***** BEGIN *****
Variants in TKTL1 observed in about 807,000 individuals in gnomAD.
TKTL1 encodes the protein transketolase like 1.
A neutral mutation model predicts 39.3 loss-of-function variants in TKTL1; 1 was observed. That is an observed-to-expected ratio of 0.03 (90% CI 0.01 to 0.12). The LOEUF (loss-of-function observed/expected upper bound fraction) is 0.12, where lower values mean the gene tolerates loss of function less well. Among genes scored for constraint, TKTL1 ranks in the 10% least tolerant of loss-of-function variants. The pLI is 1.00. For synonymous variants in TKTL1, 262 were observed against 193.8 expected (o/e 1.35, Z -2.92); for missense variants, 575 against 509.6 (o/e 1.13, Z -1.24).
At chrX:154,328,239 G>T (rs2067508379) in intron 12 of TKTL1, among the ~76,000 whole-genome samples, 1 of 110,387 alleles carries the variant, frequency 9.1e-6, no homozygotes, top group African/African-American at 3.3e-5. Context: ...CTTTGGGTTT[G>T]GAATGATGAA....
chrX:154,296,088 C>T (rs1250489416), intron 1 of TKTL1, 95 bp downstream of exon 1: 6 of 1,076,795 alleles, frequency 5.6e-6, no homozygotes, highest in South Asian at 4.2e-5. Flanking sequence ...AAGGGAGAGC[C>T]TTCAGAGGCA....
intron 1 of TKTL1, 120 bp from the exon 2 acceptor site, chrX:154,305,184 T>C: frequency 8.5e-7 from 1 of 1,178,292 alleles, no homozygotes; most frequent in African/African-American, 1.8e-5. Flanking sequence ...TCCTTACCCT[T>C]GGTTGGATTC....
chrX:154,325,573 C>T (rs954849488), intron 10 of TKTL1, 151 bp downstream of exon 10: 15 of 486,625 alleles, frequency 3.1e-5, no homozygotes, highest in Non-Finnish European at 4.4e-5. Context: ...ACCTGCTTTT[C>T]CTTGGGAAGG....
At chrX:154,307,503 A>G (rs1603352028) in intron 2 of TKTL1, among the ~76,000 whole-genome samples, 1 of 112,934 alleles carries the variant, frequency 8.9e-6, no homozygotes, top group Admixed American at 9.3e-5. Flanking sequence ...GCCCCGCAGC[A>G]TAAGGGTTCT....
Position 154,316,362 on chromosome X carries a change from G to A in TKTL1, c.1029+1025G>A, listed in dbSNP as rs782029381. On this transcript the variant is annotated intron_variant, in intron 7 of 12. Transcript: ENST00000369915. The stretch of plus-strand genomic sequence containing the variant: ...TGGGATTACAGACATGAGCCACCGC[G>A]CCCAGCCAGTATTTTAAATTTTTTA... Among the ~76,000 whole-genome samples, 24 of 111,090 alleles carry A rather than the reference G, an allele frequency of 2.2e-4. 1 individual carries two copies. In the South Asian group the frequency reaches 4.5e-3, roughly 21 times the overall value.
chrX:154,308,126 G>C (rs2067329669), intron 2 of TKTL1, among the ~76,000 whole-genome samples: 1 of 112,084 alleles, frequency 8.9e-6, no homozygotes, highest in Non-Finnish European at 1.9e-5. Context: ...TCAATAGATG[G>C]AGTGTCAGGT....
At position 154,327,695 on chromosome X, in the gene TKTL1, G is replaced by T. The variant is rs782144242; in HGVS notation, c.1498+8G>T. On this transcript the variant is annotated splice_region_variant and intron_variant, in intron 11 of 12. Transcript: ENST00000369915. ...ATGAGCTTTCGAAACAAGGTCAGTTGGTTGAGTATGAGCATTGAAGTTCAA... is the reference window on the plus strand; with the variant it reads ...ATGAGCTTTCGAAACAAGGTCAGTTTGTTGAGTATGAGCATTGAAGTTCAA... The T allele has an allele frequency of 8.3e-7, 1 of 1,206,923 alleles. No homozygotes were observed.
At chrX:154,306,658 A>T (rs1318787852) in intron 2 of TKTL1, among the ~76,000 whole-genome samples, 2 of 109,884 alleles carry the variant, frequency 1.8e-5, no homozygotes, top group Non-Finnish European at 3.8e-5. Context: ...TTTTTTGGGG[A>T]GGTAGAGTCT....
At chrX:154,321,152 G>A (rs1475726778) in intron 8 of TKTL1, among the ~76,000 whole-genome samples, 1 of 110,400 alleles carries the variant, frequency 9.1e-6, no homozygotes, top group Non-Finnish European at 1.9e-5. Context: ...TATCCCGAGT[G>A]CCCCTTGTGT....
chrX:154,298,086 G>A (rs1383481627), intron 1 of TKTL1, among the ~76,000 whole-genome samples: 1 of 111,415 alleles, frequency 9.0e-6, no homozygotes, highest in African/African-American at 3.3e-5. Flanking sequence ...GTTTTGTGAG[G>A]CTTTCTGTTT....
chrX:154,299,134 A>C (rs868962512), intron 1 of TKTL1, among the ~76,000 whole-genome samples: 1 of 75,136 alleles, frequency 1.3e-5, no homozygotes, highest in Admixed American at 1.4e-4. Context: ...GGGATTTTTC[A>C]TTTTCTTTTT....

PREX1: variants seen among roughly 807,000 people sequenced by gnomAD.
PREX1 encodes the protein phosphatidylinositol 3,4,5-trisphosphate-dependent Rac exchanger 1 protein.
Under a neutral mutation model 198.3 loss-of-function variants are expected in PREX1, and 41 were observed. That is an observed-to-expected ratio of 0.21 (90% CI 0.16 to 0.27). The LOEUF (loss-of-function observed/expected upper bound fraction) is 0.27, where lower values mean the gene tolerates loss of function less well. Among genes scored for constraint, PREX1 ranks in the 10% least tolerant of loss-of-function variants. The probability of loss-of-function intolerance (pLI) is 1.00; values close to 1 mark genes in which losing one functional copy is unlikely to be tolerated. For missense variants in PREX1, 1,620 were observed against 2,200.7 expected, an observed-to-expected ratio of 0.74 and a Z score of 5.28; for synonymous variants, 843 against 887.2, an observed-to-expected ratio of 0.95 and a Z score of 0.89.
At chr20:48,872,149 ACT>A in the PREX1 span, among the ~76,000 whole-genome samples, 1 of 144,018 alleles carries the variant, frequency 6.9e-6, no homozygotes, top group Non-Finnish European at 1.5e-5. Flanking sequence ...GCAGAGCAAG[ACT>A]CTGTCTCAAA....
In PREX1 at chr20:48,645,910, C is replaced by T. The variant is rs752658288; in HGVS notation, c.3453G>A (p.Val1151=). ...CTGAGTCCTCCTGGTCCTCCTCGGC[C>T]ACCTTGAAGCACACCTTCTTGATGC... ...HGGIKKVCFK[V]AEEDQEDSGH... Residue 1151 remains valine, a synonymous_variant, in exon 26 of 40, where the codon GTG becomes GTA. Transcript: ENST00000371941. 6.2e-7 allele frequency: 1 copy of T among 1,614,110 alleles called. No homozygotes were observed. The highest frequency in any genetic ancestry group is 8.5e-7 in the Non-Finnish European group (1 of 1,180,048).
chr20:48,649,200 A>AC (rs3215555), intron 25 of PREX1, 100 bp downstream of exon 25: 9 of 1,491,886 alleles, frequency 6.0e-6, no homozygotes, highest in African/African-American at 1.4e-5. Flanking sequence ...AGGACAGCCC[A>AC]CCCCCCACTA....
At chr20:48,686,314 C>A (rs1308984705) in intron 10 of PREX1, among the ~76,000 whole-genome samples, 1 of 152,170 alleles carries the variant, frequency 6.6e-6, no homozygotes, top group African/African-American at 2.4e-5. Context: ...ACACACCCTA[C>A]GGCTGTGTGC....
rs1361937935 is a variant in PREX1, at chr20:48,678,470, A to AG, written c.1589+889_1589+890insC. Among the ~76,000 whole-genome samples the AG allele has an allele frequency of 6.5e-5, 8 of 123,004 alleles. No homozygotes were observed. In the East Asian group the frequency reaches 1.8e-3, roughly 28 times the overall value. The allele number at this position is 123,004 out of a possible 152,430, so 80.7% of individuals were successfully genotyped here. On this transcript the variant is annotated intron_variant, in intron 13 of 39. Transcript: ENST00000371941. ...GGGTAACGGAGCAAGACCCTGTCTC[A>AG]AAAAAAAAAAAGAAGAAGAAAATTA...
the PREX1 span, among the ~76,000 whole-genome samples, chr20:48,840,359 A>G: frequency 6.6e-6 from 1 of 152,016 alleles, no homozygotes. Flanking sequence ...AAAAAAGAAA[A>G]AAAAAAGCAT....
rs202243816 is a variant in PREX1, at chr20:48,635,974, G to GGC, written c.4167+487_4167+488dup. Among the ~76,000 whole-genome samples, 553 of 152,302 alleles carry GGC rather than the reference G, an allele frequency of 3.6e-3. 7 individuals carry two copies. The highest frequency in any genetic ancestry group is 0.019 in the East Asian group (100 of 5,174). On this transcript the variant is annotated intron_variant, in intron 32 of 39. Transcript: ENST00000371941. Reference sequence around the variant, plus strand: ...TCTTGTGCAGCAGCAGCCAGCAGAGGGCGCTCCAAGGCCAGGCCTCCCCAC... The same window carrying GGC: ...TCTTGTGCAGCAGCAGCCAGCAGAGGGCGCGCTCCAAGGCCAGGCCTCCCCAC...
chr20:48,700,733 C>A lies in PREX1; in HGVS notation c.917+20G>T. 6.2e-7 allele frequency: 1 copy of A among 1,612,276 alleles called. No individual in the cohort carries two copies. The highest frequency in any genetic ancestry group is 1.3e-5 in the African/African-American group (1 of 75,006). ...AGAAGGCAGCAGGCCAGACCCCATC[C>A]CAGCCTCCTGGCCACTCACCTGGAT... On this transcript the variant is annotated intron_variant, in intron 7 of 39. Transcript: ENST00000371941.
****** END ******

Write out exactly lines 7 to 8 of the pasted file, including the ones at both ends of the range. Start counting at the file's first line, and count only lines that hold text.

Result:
chrX:154,325,573 C>T (rs954849488), intron 10 of TKTL1, 151 bp downstream of exon 10: 15 of 486,625 alleles, frequency 3.1e-5, no homozygotes, highest in Non-Finnish European at 4.4e-5. Context: ...ACCTGCTTTT[C>T]CTTGGGAAGG....
At chrX:154,307,503 A>G (rs1603352028) in intron 2 of TKTL1, among the ~76,000 whole-genome samples, 1 of 112,934 alleles carries the variant, frequency 8.9e-6, no homozygotes, top group Admixed American at 9.3e-5. Flanking sequence ...GCCCCGCAGC[A>G]TAAGGGTTCT....